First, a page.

What do 17th century witch-hunts and slander on social media have in common? Quite a lot, actually.
Historical research is a way of examining the evolution of humanity and of highlighting its achievements. Research also makes it possible to identify recurring mechanisms, such as miscalculations to which humans have succumbed throughout the centuries.
One such phenomenon is mass hysteria leading to persecution.
“Panic seems to spread easily at any given time, especially if children appear to be threatened,” says Mirkka Lappalainen, a docent of history and university lecturer.
Lappalainen specialises in legal history and the early centuries of modern history, or the 16th and 17th centuries. In addition to witch-hunts, her research topics include famines and King Gustavus Adolphus of Sweden.
“In the 17th century, smart people descended to persecuting others just like people do today on social media. They believed things that couldn’t possibly be true.”
For example, people who lived in the 1600s thought that, at night, individuals considered to be witches took children to Blockula, an island where the Devil held celebrations. Pressured by their parents, children told the most outrageous stories about the place.
In today’s social media, groups are constantly formed whose hatred or fear is targeted at an individual or a group of people. History provides a perspective for interpreting such behaviour.
On the other hand, history also provides solutions. Anticipating famines is an example of how historical research can help in dealing with current problems.
“As a result of research, models have been established for experts to identify emerging famines,” Lappalainen explains.
Scholars of history have a duty to be critical
A lot of hobbyists conducting research makes history an exceptional field of science. Unlike, say, in physics or medicine, the sources of the field are accessible to almost anyone. In the digital era, many datasets are openly available to all online, and no specialist tools, laboratories or other special arrangements are needed to review them.
For instance, court session minutes, or judgment books, from early modern history investigated by Lappalainen are open and available to examination and interpretation by anyone with sufficient skills in Old Swedish and background knowledge of the legal system of the period.
Books on history are also written by people other than scholars.
The value of academic historical research lies in the fact that educated scholars know the importance of a critical approach. According to Lappalainen, source criticism is the number one trait of historical scholars.
“Historical research demands the ability to assess why certain data has been preserved, what may have been left out and whether the data can be trusted in the first place.”
Scholars must apply a critical approach to their sources particularly in the era of digital data, as datasets found online may have been collected and compiled by anyone. Documents may have been cherry-picked, and the information may not be based on truth.
“Basically, this profession is about recognising fake news,” Lappalainen says.
History is filled with unbelievable and instructive narratives
In addition to benefiting society, the study of history also unearths fascinating stories.
While studying the 17th century, Lappalainen has come across wild human narratives: good kings, sadistic wielders of power, achievers and murderers. There is misery to be found in the source material, but also the happiness of ordinary lives.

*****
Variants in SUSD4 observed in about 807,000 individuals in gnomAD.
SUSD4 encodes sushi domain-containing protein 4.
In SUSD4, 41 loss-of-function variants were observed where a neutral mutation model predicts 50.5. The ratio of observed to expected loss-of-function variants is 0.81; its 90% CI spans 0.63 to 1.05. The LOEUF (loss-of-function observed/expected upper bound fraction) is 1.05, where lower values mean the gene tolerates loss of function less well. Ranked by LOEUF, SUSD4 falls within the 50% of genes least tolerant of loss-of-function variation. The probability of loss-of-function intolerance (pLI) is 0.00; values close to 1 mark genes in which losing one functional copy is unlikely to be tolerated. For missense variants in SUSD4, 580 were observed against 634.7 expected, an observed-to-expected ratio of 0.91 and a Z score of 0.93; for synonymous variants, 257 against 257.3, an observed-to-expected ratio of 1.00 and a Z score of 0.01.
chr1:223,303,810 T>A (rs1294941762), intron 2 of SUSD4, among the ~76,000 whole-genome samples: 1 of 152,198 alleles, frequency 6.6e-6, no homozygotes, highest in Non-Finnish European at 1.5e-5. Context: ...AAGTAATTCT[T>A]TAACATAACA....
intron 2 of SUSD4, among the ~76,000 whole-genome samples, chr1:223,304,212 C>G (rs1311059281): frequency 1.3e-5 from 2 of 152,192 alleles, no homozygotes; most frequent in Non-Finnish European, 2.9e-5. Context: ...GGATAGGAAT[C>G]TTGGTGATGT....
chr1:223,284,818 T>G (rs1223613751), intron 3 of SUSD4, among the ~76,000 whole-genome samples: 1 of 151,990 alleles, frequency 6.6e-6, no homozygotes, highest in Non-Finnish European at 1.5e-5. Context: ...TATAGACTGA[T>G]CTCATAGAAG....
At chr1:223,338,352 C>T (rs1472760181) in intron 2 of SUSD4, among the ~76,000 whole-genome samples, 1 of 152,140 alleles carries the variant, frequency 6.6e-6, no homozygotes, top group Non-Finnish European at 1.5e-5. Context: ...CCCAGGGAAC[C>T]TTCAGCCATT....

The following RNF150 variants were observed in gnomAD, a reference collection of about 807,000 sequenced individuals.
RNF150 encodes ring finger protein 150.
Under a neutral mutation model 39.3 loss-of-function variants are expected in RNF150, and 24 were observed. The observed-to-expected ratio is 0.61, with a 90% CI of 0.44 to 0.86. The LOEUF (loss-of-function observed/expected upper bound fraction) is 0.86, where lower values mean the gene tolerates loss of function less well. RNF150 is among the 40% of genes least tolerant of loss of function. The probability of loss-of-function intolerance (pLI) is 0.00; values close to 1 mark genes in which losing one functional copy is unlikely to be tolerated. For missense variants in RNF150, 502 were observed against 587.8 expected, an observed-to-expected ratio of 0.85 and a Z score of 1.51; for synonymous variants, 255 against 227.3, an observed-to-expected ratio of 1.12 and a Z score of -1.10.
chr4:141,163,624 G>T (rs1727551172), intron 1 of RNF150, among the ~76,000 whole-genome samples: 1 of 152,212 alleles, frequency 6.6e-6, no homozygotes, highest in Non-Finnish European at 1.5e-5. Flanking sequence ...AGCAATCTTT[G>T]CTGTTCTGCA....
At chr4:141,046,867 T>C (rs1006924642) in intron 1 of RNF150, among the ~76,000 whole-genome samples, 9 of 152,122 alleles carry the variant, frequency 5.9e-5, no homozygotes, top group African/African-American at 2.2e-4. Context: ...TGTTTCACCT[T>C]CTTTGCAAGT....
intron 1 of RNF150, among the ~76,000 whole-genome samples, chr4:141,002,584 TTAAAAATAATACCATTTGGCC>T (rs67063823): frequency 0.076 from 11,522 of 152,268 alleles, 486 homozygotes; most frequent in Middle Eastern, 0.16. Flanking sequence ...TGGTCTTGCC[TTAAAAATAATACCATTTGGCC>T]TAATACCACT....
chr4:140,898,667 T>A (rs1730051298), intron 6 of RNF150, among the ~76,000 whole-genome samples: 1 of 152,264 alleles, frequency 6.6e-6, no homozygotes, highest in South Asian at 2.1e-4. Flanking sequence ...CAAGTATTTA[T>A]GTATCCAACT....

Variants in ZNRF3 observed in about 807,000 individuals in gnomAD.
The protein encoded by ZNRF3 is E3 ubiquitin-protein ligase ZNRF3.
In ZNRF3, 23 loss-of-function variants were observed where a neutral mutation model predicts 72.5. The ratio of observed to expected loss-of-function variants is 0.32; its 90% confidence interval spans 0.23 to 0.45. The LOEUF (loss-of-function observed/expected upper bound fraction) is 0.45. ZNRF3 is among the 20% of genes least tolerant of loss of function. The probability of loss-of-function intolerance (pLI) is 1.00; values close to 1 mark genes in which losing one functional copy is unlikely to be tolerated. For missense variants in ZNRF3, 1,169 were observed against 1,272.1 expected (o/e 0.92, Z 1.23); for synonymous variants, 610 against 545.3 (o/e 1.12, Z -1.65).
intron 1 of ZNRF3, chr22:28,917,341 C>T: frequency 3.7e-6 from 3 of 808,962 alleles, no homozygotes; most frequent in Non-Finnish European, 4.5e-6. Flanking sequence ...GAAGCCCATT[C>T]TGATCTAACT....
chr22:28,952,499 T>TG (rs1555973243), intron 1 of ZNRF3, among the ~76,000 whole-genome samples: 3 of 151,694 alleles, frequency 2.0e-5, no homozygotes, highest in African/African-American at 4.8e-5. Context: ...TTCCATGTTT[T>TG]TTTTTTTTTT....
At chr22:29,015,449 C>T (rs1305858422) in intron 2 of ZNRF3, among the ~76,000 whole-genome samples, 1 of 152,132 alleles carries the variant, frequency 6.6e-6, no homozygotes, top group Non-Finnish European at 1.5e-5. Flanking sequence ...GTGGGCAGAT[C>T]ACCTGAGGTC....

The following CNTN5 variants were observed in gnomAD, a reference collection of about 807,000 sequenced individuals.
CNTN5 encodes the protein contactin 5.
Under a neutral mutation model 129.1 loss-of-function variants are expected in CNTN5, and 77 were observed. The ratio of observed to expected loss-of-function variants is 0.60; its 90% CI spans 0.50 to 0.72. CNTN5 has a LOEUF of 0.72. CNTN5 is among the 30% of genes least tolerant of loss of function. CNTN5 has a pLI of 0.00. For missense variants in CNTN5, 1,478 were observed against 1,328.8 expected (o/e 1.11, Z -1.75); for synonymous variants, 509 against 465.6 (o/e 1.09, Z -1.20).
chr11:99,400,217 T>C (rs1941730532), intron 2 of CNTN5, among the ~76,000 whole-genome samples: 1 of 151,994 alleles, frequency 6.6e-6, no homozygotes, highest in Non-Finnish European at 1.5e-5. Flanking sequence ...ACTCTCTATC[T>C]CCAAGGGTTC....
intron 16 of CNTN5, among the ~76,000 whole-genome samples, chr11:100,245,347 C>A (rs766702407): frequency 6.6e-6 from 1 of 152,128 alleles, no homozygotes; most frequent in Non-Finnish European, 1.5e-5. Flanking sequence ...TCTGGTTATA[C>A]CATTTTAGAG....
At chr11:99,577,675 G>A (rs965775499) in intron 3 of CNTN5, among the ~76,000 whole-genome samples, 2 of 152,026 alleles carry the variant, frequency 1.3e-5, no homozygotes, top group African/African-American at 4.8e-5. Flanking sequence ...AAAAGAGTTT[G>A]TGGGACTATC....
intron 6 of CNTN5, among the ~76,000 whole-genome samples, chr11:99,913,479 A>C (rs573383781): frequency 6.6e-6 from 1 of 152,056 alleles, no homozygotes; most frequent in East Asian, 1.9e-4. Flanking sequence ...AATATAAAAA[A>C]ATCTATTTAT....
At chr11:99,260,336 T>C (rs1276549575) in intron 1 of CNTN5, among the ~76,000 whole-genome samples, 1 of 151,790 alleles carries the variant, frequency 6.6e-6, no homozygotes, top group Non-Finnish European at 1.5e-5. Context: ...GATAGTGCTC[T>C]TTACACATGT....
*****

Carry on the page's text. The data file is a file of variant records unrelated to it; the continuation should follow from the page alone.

When Lappalainen and Anu Lahtinen, professor of history, investigated silver mines established in Finland in the 17th century, they encountered occurrences familiar to people today.
“Spain had made a fortune from the mines in its colonies, which made Sweden want to have their share of the riches. Quarries were established in Hyvinkää and Porkkala, which were supposed to generate wealth and treasure.”
According to Lappalainen, there is no documentation on the quarries ever turning a profit. For a decade, bailiffs obediently poured money into a project which probably never benefited anyone.
“Talvivaara is nothing new. The mining hype, under cover of which excavations are granted a multitude of special rights, could be directly from the 1600s,” Lappalainen notes.
Without universities, history may become distorted
History is a strong medium of power, something on which everyone has an opinion. And that is precisely why it must be investigated.
“History has always been integral to politics: future rulers have been taught history, while even many current politicians claim to be history hobbyists,” Lappalainen says.
Universities train teachers, experts and researchers of history who are able to examine topics from several viewpoints, taking different experiences into account. These specialists make sure that all parties are heard.
“Academic research and university teaching require financial support to ensure the continuation of impartial historical research independent of any emphases set by interest groups,” explains Lappalainen.
She considers totalitarian states an example of what happens when history is not being examined by scholars. In such states, truth has often been bent to fit a political agenda. Falsehoods may also have been included in textbooks and documents, which has had an impact on the status of certain groups of people and decision-making. Convenient misrepresentation of facts has even helped state leaders justify going to war.
In terms of emotive subjects, researchers have a duty to approach events from the perspectives of all relevant parties.
“For example, the recent debate in Finland on the year 1918 clearly demonstrated how emotional and delicate historical topics can be. In this discourse, scholars had to examine the Finnish Civil War fairly, explaining the reasons why the social order fell apart.”
Text: Raisa Mattila
Photos: Helena Hiltunen